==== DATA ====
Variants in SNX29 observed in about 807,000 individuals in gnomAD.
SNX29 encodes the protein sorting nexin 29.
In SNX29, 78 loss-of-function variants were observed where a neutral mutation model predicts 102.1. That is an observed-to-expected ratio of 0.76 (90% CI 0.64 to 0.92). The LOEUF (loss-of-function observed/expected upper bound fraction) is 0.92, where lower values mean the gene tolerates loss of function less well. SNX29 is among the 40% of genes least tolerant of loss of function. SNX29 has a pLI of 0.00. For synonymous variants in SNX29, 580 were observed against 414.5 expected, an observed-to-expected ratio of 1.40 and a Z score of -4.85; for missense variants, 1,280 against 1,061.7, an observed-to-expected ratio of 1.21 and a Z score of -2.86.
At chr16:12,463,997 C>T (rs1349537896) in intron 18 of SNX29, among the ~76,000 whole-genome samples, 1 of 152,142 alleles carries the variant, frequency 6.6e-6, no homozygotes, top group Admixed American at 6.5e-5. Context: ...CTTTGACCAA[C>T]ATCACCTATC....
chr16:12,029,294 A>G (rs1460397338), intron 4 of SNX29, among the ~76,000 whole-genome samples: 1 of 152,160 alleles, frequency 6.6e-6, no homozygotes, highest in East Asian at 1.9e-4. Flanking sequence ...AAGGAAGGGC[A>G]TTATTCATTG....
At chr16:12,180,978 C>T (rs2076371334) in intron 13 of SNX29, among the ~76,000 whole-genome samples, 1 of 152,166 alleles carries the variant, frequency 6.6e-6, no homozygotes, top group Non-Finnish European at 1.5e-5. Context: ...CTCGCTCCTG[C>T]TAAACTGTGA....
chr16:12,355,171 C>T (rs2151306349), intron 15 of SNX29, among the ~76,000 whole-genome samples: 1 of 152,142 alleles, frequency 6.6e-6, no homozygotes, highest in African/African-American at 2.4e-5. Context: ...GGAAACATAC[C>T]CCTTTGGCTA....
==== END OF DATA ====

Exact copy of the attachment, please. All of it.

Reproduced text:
Variants in SNX29 observed in about 807,000 individuals in gnomAD.
SNX29 encodes the protein sorting nexin 29.
In SNX29, 78 loss-of-function variants were observed where a neutral mutation model predicts 102.1. That is an observed-to-expected ratio of 0.76 (90% CI 0.64 to 0.92). The LOEUF (loss-of-function observed/expected upper bound fraction) is 0.92, where lower values mean the gene tolerates loss of function less well. SNX29 is among the 40% of genes least tolerant of loss of function. SNX29 has a pLI of 0.00. For synonymous variants in SNX29, 580 were observed against 414.5 expected, an observed-to-expected ratio of 1.40 and a Z score of -4.85; for missense variants, 1,280 against 1,061.7, an observed-to-expected ratio of 1.21 and a Z score of -2.86.
At chr16:12,463,997 C>T (rs1349537896) in intron 18 of SNX29, among the ~76,000 whole-genome samples, 1 of 152,142 alleles carries the variant, frequency 6.6e-6, no homozygotes, top group Admixed American at 6.5e-5. Context: ...CTTTGACCAA[C>T]ATCACCTATC....
chr16:12,029,294 A>G (rs1460397338), intron 4 of SNX29, among the ~76,000 whole-genome samples: 1 of 152,160 alleles, frequency 6.6e-6, no homozygotes, highest in East Asian at 1.9e-4. Flanking sequence ...AAGGAAGGGC[A>G]TTATTCATTG....
At chr16:12,180,978 C>T (rs2076371334) in intron 13 of SNX29, among the ~76,000 whole-genome samples, 1 of 152,166 alleles carries the variant, frequency 6.6e-6, no homozygotes, top group Non-Finnish European at 1.5e-5. Context: ...CTCGCTCCTG[C>T]TAAACTGTGA....
chr16:12,355,171 C>T (rs2151306349), intron 15 of SNX29, among the ~76,000 whole-genome samples: 1 of 152,142 alleles, frequency 6.6e-6, no homozygotes, highest in African/African-American at 2.4e-5. Context: ...GGAAACATAC[C>T]CCTTTGGCTA....